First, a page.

By Stefanie Jackson – Northampton schools continue to expand in-person learning opportunities for students as COVID-19 metrics continue to trend down, and fourth graders are next to be offered a four-day school week starting March 22.
Fifth graders may likely return to school four days a week starting March 29, and seniors can do the same starting April 12, the week after the Northampton schools spring break, according to a March 11 report.
Students in pre-K through third grade, as well as seventh grade, already have the option of a four-day school week.
Virtual instruction will continue for students whose families do not wish to send their children back to school in person four days a week.
Northampton schools will remain closed on Wednesdays for deep cleaning, although that may change in April, noted Associate Superintendent Christine Hill.
She reported at the March 11 Northampton school board meeting that the Virginia Department of Education (VDOE) will introduce a new test for students this fall that will measure academic growth and identify deficiencies.
Superintendent Eddie Lawrence explained the test will adapt itself to the skill level of the student taking the test. For example, if a fourth grader is taking a reading test and continuously giving incorrect answers, the test questions will drop down to the third grade level.
If the student is still answering questions incorrectly, the questions will drop to a second grade level and so on, until the student is able to consistently provide the correct answers.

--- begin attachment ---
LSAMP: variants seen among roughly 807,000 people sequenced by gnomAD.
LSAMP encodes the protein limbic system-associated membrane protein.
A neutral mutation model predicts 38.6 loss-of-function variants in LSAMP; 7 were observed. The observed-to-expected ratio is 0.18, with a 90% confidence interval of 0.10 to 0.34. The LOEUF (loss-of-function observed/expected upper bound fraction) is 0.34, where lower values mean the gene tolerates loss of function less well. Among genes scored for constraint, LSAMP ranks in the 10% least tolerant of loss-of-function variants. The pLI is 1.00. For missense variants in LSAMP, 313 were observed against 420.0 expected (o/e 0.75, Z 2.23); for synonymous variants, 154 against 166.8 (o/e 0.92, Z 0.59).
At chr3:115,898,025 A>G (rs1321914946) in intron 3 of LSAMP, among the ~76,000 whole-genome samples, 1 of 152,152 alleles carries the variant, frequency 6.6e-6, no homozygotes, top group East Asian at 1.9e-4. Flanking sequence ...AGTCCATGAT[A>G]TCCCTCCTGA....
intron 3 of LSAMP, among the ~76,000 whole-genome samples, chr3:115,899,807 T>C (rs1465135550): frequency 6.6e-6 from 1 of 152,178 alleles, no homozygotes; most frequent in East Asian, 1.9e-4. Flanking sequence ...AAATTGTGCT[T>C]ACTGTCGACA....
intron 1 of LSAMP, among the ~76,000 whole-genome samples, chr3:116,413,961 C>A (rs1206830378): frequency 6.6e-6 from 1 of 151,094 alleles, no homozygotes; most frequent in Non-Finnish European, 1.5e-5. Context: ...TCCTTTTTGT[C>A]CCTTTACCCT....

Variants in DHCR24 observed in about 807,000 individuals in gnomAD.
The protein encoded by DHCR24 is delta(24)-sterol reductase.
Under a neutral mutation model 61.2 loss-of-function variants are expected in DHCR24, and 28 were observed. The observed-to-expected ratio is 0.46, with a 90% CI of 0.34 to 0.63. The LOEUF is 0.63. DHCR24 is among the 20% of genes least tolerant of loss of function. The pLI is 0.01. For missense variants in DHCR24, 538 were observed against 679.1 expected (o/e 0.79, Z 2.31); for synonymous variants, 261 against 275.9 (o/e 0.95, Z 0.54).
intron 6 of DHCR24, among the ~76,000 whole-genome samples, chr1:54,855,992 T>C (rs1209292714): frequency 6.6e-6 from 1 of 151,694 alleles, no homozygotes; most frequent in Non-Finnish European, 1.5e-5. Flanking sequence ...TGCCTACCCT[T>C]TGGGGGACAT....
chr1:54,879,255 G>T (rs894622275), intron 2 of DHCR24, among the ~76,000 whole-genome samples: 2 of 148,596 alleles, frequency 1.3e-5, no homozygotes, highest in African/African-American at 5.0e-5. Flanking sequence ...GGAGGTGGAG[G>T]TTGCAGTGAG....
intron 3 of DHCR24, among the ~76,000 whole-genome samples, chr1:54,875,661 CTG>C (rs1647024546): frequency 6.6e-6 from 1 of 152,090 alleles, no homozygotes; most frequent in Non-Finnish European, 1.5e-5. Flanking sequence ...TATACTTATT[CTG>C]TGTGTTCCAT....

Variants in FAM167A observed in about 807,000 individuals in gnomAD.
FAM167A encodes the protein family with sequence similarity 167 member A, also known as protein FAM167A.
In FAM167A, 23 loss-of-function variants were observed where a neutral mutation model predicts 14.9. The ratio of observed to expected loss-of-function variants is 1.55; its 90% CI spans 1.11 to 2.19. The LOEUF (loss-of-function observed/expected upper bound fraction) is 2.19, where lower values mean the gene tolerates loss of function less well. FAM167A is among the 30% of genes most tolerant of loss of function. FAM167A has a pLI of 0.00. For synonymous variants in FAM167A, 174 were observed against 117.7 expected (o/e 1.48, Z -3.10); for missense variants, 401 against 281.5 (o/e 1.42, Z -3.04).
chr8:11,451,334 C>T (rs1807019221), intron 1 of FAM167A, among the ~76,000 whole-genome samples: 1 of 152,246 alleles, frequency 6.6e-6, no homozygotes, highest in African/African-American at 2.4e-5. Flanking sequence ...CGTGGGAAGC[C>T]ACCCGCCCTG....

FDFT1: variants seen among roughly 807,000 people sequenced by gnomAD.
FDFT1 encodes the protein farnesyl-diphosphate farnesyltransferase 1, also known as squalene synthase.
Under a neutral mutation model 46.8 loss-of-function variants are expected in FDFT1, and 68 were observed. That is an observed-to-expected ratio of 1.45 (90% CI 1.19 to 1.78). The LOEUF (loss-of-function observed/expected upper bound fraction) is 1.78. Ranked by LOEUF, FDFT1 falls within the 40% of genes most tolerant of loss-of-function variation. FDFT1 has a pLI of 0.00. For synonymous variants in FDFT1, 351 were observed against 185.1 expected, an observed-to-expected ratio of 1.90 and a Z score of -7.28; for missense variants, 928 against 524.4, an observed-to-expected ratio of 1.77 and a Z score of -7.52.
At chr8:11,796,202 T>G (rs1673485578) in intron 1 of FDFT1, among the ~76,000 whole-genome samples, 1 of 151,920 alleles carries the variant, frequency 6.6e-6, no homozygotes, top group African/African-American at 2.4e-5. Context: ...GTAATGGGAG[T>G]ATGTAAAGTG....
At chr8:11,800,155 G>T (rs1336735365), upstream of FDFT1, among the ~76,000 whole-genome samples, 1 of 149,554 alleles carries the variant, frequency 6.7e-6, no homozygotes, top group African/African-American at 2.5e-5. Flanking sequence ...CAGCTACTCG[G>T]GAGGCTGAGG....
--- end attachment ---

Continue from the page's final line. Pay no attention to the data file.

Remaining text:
The tests will determine at which grade levels students can read and do math – an academic performance measure that is more practical than a numeric score.
Lawrence believes the new testing method will be applied to the state Standards of Learning or SOL tests administered in the spring to determine if a student may receive a passing grade on an SOL test based on academic improvement.
Lawrence called the change a “big step up” for standardized testing.
School board member Jo Ann Molera pointed out that “the biggest complaint about the SOL” is that “all regular instruction drops and teachers are teaching to the test.”
“It really drives people crazy, because in the good old days … teachers taught their curriculum and there was flexibility,” she said.
Students took standardized tests such as the Iowa Assessments or the Stanford Achievement Tests and “it was very apparent where there were deficiencies.”
There was no high-stakes testing; children were told the night before, “Now be sure to get some sleep and eat some oatmeal in the morning,” Molera said. “That was the extent of it. It wasn’t this … stress.”
She wished the school board could tell teachers, “Do not teach to the test, just teach your kids.”
Hill noted that Northampton schools will follow VDOE’s emergency guidelines this year and offer alternative assessments for some SOL subjects, and “hopefully that will relieve some pressure from our students.”
Northampton schools are planning their summer program, which will not be called “summer school” because it is “something much more in-depth, much more rigorous,” Lawrence said.
An extended school year is planned for the middle and high school and is tentatively scheduled for four days a week from June 21 to July 1 and five days a week from July 6 to July 30. The school day for students would start at 7:45 a.m. and end at 1 p.m.
An elementary summer recovery program is also planned, which would be held five days a week from June 28 to July 30. The school day for students would start at 8 a.m. and end at 1:30 p.m.
All summer programs will include remediation and recovery of academic losses that occurred during COVID-19-related school closures.